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Clinical trials are major contributors to cystic fibrosis research and treatment development. There are lots of opportunities to take part, but what should you consider before you get involved? 


We explore what a clinical trial is, how they work and who can take part. We look at the potential benefits and risk and where you can find more information on clinical trials.


What is a clinical trial? 

The World Health Organisation (WHO) defines a clinical trial as: 

‘any research study that prospectively assigns human participants or groups of humans to one or more health-related interventions to evaluate the effects on health outcomes’

A clinical trial is a form of research that uses volunteers to test new treatments, intervention or tests that may be used to treat, manage, detect, or even prevent illness. These treatments or interventions could be new drugs, vaccines, medical devices, diets and more. Some clinical trials may look at a new drug and its side effects, others make look at existing treatments and others may investigate how new treatments compare with existing.  

Participants can be people without chronic illness or disease, or they can be people who live with chronic illness.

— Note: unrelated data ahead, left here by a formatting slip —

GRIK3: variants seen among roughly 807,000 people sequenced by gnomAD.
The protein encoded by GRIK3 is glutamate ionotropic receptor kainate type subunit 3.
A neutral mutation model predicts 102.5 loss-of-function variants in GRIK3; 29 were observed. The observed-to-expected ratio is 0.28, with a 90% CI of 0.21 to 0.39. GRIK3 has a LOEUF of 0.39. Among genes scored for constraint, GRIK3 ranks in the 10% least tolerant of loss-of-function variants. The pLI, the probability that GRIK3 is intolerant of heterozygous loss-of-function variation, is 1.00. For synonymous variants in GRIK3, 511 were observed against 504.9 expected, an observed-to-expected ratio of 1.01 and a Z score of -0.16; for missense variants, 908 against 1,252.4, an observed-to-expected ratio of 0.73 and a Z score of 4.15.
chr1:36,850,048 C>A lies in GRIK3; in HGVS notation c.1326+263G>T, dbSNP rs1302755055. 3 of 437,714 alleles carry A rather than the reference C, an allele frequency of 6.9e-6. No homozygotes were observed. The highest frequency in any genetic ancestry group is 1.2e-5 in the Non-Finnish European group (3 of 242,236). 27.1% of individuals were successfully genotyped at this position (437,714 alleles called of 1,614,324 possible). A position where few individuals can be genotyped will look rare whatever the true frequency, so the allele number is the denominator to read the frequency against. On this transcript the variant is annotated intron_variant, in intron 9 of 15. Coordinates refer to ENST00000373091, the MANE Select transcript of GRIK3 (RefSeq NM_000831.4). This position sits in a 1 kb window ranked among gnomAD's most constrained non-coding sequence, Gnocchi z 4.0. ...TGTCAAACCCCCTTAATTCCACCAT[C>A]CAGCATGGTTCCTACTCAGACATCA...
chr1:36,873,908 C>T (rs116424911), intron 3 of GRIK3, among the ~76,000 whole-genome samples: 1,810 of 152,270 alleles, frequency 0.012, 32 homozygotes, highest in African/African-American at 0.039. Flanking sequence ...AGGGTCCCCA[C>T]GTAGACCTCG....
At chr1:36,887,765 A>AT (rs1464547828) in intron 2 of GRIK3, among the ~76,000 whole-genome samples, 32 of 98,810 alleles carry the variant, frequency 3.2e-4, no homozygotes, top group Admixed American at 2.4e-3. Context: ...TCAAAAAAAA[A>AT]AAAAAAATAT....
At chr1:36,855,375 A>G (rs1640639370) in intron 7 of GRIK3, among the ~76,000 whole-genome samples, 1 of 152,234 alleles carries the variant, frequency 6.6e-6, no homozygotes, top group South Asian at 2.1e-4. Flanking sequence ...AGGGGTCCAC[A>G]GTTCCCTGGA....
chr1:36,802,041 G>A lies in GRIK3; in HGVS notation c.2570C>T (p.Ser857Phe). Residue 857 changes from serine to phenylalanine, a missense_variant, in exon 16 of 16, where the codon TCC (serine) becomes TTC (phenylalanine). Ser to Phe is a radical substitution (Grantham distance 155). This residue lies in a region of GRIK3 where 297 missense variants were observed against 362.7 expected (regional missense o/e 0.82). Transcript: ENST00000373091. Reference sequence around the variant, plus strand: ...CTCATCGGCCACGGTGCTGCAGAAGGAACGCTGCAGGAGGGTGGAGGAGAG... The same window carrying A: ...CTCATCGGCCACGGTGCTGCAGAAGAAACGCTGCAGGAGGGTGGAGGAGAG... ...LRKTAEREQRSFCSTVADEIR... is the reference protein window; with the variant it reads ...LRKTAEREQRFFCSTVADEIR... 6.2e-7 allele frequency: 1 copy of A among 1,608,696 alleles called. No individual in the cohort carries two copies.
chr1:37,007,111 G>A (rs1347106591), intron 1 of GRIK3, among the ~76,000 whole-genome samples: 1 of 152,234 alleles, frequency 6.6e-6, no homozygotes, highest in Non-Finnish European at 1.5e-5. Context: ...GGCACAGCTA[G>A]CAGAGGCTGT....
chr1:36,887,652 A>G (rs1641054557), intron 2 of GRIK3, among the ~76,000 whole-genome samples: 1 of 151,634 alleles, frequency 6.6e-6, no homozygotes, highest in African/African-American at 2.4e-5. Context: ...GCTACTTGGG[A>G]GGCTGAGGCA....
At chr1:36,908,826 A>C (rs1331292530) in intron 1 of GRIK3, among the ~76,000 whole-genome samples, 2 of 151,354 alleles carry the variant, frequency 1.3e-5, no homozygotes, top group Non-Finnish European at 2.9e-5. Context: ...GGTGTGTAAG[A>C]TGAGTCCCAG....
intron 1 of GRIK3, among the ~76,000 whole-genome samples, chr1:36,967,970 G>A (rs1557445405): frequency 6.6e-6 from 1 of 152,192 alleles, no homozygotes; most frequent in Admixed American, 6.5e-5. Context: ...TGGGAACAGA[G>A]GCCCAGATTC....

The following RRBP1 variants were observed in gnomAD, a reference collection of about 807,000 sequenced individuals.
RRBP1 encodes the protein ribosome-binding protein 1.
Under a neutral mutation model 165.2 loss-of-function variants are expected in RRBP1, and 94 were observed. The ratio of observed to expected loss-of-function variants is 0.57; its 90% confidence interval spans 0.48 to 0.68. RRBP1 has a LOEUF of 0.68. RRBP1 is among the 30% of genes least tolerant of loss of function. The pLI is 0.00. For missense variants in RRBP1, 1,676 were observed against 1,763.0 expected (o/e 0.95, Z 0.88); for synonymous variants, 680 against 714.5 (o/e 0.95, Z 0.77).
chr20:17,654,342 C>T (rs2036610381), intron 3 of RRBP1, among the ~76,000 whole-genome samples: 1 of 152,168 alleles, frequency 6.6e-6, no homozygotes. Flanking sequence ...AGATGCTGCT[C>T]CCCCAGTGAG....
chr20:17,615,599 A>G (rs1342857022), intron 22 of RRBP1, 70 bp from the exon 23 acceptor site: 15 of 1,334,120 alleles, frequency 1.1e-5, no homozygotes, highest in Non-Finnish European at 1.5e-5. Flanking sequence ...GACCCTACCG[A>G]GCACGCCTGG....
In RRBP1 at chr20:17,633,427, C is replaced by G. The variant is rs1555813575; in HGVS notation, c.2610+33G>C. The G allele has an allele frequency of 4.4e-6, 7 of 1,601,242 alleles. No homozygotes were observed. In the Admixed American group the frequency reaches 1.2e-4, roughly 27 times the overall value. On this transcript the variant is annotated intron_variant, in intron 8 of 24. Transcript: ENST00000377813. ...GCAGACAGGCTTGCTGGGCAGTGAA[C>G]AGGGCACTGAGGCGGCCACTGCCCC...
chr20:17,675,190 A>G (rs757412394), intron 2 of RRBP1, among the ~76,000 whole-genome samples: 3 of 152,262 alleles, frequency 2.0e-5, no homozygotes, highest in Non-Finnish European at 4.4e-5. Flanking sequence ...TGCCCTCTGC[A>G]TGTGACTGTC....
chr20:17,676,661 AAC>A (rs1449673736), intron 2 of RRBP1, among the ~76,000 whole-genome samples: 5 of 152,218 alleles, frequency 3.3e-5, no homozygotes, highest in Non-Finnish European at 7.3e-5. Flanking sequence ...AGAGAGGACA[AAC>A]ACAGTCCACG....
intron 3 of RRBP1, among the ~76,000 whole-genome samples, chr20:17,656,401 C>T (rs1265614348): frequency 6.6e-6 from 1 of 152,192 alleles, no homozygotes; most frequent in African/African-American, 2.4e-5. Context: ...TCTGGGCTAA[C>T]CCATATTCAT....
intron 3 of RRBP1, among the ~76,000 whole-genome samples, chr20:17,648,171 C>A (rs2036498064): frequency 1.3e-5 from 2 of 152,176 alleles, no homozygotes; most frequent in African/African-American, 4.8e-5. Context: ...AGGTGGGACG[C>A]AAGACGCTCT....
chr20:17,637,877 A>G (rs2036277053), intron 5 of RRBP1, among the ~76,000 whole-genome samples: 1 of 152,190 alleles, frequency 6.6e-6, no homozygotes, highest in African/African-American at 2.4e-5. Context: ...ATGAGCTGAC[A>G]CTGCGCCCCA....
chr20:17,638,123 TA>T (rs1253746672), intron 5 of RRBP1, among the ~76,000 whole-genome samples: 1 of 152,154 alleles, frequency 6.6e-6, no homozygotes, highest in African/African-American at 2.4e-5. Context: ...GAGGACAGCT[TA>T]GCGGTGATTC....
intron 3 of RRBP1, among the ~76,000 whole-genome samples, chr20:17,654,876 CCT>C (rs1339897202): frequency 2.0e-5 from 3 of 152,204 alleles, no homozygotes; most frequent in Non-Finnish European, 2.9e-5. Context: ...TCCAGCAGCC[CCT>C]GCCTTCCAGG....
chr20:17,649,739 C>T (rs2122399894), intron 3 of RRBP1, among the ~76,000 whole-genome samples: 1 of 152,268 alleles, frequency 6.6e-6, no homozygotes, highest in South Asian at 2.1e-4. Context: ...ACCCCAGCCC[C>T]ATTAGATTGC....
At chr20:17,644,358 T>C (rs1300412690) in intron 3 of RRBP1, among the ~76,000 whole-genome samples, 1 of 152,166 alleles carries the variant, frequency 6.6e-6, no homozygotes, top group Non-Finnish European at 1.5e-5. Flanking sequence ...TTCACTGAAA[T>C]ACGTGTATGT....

Illustrated outline of a doctor talking to a patient.

Are there different types of clinical trials?  

According to Australian Clinical Trials, there are three types of clinical trials:  

  • treatment trials to test new treatments, new medicines or combinations of medicines; or other new therapies such as surgery, the use of new medical devices or new approaches to surgery 
  • diagnostic or screening trials to evaluate tests or procedures to diagnose and detect diseases or conditions 
  • prevention trials to test new ways to prevent disease including medicines, vaccines, vitamins, or changes to diet, lifestyle or behaviour 

Clinical trials of new drug treatments generally fall into one of three phases. According to Health Direct, the three phases are:  

  • Phase I trials involve giving a group of 20 to 80 healthy volunteers the drug to check that it doesn’t harm them. 
  • Phase II trials involve giving a few hundred people the new medicine to check that it is safe and that it might work for more people. 
  • Phase III trials involve giving a few hundred or a few thousand people the new medicine to see if it really does work and to see what side effects it has.  


How do clinical trials work? 

Clinical trials are not the first step in the research of a new treatment. Often, before engaging human participants, researchers will test new treatments or interventions via laboratory studies or sometimes on animals.  

If laboratory tests suggest a treatment or intervention could have a positive impact on the treatment of disease or illness, the next step may be a clinical trial where more information can be gathered about the safety and effectiveness of the treatments or intervention.  

Clinical trials are strictly regulated. In Australia, those regulations include ethics guidelines and codes of conduct.  

Every trial will have its own protocol which is the plan or set of rules that must be followed to ensure the trial is safe and that the results will be of substance.